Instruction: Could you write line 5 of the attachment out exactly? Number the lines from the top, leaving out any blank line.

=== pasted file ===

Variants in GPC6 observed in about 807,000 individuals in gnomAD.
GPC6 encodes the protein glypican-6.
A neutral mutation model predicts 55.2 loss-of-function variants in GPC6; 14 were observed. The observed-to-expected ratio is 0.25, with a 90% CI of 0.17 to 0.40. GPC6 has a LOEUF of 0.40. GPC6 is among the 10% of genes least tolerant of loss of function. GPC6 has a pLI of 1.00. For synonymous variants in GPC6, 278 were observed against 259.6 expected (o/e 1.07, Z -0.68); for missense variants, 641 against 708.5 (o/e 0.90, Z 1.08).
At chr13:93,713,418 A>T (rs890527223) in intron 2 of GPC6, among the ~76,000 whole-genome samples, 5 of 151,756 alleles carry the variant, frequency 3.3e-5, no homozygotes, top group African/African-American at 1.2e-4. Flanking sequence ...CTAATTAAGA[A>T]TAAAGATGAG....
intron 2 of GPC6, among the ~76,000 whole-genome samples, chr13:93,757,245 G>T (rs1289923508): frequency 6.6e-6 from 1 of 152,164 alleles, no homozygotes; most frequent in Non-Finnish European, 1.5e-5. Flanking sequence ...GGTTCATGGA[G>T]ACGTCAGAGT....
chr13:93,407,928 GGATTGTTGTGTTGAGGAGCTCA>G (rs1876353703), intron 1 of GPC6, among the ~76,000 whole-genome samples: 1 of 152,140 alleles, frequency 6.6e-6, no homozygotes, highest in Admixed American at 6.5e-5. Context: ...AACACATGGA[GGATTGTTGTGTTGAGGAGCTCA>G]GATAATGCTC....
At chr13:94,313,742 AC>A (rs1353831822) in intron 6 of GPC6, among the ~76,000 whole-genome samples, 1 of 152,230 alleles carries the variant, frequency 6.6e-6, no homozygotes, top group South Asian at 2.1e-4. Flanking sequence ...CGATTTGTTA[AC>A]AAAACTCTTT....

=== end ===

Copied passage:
intron 2 of GPC6, among the ~76,000 whole-genome samples, chr13:93,757,245 G>T (rs1289923508): frequency 6.6e-6 from 1 of 152,164 alleles, no homozygotes; most frequent in Non-Finnish European, 1.5e-5. Flanking sequence ...GGTTCATGGA[G>T]ACGTCAGAGT....